An Introduction to the Java Memory Model

Prashant Pandey
Jul 3, 2020 · 6 min read

This is a short article to give you a taste of the Java Memory Model. Being unaware of its rules can lead to some pretty knotty bugs. Any serious Java developer who wishes to write thread-safe parallel programs should be aware of the memory visibility issues that arise due to the JMM.

What Is a Memory Model?

Any modern computer architecture can do such things like cache global variables and reorder instructions to get a performance boost. It is not guaranteed that the instructions are run in the order as they were written in the high-level program. In a single threaded program, the execution follows the as-if-serial semantics. That is, while the instructions can be reordered, the result would be as if the program were executed serially. This does not hold true for concurrent programs.

Why the Java Memory Model?

Since each architecture can have its own memory model, the JMM abstracts all of them out by providing a common memory model on any architecture. The programmer does not have to worry himself about the underlying architecture, as long as he/she is following the rules of the JMM.

Total Order vs. Partial Order

Informally speaking, a total order is a binary relation that applies to any two elements of a set. For instance, for the set of integers, we have a total-order less-than. Any you items in the set can be are related through this relation.

A partial-order however, applies to only some of the elements of the set. An example of this would be divisible-by. Take 2 and 3 for instance. Neither 2 is divisible-by 3 nor 3 is divisible-by 2. This relation applies to only a subset of elements, and therefore, is a partial-order. In this case, we have 4 is divisible-by 2.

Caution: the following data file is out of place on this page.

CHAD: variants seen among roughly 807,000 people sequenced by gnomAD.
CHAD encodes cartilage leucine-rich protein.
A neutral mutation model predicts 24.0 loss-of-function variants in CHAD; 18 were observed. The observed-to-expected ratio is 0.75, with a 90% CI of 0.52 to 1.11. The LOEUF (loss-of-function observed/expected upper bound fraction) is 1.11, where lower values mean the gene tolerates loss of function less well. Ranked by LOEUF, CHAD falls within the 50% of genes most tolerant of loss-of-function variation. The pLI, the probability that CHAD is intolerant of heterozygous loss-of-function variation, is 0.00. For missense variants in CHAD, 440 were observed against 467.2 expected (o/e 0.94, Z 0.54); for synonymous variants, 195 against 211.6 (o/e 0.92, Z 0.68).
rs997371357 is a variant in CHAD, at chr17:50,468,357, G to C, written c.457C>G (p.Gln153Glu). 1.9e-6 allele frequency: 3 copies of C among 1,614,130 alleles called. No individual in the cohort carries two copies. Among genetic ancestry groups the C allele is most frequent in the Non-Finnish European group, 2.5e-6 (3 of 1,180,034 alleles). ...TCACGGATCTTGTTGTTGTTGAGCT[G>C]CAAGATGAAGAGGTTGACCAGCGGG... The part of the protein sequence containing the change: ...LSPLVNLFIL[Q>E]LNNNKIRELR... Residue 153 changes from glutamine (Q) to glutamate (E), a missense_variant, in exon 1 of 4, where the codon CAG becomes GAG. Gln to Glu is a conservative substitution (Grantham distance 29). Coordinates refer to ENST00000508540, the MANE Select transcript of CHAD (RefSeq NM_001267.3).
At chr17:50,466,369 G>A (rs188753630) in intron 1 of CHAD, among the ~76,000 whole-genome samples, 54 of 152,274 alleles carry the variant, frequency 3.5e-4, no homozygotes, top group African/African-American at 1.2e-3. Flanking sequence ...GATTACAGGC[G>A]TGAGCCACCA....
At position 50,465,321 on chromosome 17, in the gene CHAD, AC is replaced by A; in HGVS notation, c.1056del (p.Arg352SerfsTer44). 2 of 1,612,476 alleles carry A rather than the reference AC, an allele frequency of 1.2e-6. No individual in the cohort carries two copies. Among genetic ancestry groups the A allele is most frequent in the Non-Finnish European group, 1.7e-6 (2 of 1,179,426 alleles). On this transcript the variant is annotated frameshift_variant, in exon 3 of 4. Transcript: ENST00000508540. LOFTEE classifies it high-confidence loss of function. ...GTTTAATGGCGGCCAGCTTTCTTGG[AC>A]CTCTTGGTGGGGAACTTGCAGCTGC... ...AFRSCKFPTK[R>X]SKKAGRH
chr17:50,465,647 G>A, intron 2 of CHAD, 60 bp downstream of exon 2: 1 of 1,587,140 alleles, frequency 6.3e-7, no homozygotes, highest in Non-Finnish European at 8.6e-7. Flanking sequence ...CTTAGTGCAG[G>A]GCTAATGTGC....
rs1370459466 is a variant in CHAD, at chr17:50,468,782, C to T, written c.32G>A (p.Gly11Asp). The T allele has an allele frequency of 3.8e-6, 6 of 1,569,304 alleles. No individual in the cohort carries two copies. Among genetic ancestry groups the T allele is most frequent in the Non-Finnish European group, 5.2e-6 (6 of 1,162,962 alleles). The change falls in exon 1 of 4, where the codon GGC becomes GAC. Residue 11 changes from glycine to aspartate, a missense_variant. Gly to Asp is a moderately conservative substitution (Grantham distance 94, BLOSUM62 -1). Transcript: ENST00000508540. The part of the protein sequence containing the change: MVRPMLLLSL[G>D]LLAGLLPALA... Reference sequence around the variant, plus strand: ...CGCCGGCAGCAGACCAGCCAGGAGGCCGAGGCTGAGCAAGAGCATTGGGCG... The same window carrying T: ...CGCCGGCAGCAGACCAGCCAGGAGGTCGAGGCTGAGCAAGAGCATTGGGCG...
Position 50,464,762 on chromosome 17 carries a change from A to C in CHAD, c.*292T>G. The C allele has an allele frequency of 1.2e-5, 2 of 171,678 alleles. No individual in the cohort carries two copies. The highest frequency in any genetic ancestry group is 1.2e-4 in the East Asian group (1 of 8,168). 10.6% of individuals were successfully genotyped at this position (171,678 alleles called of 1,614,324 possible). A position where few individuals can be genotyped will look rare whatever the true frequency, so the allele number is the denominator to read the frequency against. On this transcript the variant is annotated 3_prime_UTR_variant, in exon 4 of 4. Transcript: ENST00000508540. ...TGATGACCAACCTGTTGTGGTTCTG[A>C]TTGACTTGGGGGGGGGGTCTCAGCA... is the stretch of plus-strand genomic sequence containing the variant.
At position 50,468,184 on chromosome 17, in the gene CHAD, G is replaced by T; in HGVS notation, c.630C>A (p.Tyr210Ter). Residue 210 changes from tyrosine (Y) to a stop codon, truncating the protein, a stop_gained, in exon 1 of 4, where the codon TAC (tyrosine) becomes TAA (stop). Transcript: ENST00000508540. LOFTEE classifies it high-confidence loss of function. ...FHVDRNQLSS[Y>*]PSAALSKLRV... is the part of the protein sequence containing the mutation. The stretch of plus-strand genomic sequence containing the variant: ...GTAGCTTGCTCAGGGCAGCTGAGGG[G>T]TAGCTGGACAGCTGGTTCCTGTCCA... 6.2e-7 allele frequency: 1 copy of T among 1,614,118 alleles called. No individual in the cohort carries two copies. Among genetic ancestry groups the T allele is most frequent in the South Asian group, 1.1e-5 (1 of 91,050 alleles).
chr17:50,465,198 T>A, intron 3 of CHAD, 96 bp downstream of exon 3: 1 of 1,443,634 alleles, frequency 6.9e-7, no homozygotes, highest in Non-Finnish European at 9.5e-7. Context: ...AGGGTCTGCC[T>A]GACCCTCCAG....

For a partial-order, the binary relation is transitive (this is the only property you will need to understand this article, so I skip the rest). That is, a rel b and b rel c, then a rel c.

Details

The Java Memory Model (JMM) guarantees a as-if-serial guarantee to the execution of a program iff there is a happens-before relationship b/w the instructions. While the compiler can still reorder instructions that have a happens-before relationship, the final result will be as if the entire program were executed serially.

The JMM guarantees that instructions executing within a thread have a happens-before relationship b/w them. This guarantees that if the thread writes to a variable and then reads it, it will see the last written value. Another happens-before guarantee that the JMM gives is that a monitor lock can be acquired only after it has been relinquished (regardless of what thread relinquishes it and what thread acquires it).

What distinguishes a parallel program from a serial program is that the instructions in the latter are totally-ordered (governed by happens-before), while the former only has a partial-order. A parallel program can be given a total order with proper synchronisation. The more ordering we can ensure, the better we can reason about the behaviour of the program. Now consider the following implementation of lazy loading:

@NotThreadSafe
public class
LazyObjectFactory {

private LazyObject instance;

public LazyObject getInstance() {
if(null == instance) { //read1
instance = new LazyObject();
}
return instance; //read2
}
}

The above program basically is a factory that maintains a singleton. This class is obviously not thread safe as there is a race-condition. It’s possible that the correct behaviour of the program is broken in case two threads call getInstance() in parallel, leading to the creation of two LazyObject instances.

But there is something much more sinister going on here. The above code can show some pretty absurd behaviour:

  1. Thread A initialises the object and assigns it to instance. However, thread B still see it as null and goes ahead with creating another instance.
  2. Thread A initialised the object and assigns it to instance. Thread B sees a non-null value during read1, but returns an improperly constructed object.